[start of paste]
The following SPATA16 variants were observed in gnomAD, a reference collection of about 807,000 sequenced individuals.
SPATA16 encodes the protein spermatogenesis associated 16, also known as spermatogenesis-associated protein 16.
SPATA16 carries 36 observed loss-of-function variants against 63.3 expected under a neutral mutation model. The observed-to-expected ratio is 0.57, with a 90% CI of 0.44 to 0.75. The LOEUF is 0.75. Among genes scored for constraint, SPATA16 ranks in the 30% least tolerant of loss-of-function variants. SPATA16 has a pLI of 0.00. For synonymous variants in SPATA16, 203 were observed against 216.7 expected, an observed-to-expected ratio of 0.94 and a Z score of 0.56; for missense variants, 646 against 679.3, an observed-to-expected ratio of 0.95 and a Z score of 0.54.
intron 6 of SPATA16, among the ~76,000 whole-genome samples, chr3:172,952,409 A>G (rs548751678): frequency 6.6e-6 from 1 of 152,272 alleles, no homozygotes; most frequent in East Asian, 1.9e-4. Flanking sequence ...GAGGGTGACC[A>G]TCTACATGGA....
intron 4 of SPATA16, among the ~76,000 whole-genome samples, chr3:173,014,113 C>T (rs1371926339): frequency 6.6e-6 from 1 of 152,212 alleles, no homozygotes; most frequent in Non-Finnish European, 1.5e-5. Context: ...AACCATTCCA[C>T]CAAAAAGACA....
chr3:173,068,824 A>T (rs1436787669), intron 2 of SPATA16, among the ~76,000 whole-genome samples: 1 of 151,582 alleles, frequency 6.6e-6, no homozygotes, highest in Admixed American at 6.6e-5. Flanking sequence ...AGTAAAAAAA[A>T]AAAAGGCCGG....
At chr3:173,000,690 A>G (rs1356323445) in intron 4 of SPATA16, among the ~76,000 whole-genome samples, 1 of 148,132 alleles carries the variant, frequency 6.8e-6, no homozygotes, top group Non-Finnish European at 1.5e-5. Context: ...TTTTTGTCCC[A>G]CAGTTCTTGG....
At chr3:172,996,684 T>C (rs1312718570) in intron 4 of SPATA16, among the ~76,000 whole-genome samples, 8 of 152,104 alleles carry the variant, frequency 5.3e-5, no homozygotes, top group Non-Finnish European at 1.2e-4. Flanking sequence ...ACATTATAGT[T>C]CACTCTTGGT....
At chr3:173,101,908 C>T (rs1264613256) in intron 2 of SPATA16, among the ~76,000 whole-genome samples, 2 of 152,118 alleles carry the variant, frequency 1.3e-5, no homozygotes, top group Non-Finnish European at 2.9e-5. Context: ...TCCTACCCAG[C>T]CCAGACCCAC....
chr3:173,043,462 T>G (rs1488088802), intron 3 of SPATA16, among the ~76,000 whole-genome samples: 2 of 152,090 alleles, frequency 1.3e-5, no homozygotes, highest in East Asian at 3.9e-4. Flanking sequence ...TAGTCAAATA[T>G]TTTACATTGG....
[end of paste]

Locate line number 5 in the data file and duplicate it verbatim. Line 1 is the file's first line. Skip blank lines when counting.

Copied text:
intron 4 of SPATA16, among the ~76,000 whole-genome samples, chr3:173,014,113 C>T (rs1371926339): frequency 6.6e-6 from 1 of 152,212 alleles, no homozygotes; most frequent in Non-Finnish European, 1.5e-5. Context: ...AACCATTCCA[C>T]CAAAAAGACA....